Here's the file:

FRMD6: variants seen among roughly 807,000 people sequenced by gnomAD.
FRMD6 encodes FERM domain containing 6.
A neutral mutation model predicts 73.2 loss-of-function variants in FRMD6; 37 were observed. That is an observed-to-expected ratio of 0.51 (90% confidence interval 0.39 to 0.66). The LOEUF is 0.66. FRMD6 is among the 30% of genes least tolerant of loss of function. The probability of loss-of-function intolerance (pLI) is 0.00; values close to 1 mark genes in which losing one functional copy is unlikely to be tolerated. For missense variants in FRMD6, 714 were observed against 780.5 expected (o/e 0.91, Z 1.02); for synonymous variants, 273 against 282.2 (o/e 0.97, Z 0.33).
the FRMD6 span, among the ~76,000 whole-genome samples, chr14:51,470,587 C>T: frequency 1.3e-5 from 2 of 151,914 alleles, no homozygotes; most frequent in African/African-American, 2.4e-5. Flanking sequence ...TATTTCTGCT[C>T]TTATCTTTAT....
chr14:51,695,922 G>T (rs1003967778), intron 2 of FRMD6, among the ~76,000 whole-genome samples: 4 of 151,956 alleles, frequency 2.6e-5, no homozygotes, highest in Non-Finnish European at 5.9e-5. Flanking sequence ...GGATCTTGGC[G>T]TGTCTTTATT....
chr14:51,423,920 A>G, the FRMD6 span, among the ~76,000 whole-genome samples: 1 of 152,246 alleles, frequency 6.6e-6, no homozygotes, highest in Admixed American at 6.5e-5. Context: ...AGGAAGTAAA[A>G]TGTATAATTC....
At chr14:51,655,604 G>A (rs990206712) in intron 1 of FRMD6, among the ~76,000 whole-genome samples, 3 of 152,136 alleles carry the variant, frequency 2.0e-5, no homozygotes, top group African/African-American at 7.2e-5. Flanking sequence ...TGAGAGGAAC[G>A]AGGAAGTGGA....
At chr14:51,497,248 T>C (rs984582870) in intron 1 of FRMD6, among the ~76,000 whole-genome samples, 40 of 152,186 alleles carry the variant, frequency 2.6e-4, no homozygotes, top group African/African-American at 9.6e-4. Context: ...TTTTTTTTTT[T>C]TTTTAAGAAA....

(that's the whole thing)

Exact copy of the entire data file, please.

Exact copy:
FRMD6: variants seen among roughly 807,000 people sequenced by gnomAD.
FRMD6 encodes FERM domain containing 6.
A neutral mutation model predicts 73.2 loss-of-function variants in FRMD6; 37 were observed. That is an observed-to-expected ratio of 0.51 (90% confidence interval 0.39 to 0.66). The LOEUF is 0.66. FRMD6 is among the 30% of genes least tolerant of loss of function. The probability of loss-of-function intolerance (pLI) is 0.00; values close to 1 mark genes in which losing one functional copy is unlikely to be tolerated. For missense variants in FRMD6, 714 were observed against 780.5 expected (o/e 0.91, Z 1.02); for synonymous variants, 273 against 282.2 (o/e 0.97, Z 0.33).
the FRMD6 span, among the ~76,000 whole-genome samples, chr14:51,470,587 C>T: frequency 1.3e-5 from 2 of 151,914 alleles, no homozygotes; most frequent in African/African-American, 2.4e-5. Flanking sequence ...TATTTCTGCT[C>T]TTATCTTTAT....
chr14:51,695,922 G>T (rs1003967778), intron 2 of FRMD6, among the ~76,000 whole-genome samples: 4 of 151,956 alleles, frequency 2.6e-5, no homozygotes, highest in Non-Finnish European at 5.9e-5. Flanking sequence ...GGATCTTGGC[G>T]TGTCTTTATT....
chr14:51,423,920 A>G, the FRMD6 span, among the ~76,000 whole-genome samples: 1 of 152,246 alleles, frequency 6.6e-6, no homozygotes, highest in Admixed American at 6.5e-5. Context: ...AGGAAGTAAA[A>G]TGTATAATTC....
At chr14:51,655,604 G>A (rs990206712) in intron 1 of FRMD6, among the ~76,000 whole-genome samples, 3 of 152,136 alleles carry the variant, frequency 2.0e-5, no homozygotes, top group African/African-American at 7.2e-5. Flanking sequence ...TGAGAGGAAC[G>A]AGGAAGTGGA....
At chr14:51,497,248 T>C (rs984582870) in intron 1 of FRMD6, among the ~76,000 whole-genome samples, 40 of 152,186 alleles carry the variant, frequency 2.6e-4, no homozygotes, top group African/African-American at 9.6e-4. Context: ...TTTTTTTTTT[T>C]TTTTAAGAAA....